Berkeley on God

In Samuel Charles Rickless (ed.), The Oxford Handbook of Berkeley. New York: Oxford University Press. pp. 177-93 (2021)
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Abstract

Berkeley’s appeal to a posteriori arguments for God’s existence supports belief only in a God who is finite. But by appealing to an a priori argument for God’s existence, Berkeley emphasizes God’s infinity. In this latter argument, God is not the efficient cause of particular finite things in the world, for such an explanation does not provide a justification or rationale for why the totality of finite things would exist in the first place. Instead, God is understood as the creator of the total unity of all there is, the whole of creation. In this a priori argument, we should not focus on the specific objects that God creates, for that requires that we think that God knows each finite thing as distinct from every other. Rather, we should recognize how God creates all things in creating the complex, infinite totality of finite perceivings, each of which exists in virtue of the distinctions and relations it expresses.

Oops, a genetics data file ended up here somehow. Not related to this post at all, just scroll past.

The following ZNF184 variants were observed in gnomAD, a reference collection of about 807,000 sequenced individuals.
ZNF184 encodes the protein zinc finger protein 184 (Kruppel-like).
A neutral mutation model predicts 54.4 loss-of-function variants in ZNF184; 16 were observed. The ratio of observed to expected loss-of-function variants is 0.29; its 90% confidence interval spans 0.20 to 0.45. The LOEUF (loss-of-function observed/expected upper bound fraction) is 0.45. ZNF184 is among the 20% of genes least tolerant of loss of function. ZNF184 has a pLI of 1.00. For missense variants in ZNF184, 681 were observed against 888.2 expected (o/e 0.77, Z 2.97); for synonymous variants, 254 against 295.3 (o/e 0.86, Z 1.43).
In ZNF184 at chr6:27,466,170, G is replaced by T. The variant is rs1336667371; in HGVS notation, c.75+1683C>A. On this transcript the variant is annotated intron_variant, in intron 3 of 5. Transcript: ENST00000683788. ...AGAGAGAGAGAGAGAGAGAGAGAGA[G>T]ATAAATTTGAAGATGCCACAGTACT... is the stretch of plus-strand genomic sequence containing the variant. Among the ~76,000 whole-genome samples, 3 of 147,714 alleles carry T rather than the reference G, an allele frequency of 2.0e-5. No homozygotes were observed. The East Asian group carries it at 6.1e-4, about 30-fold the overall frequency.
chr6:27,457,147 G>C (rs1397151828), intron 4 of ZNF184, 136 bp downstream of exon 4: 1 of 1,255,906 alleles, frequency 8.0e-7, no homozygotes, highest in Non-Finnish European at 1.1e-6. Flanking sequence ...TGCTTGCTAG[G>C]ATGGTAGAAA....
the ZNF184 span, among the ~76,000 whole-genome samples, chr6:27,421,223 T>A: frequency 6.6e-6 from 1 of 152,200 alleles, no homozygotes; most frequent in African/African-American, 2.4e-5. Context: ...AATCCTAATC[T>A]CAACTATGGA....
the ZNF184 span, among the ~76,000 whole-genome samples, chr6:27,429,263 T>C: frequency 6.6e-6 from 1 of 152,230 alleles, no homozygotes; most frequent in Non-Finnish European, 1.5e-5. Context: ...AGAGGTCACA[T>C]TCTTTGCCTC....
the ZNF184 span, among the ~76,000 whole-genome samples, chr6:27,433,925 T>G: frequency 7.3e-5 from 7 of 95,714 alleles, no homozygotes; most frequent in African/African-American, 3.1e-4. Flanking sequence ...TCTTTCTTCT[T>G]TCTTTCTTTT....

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Stephen H. Daniel
Texas A&M University

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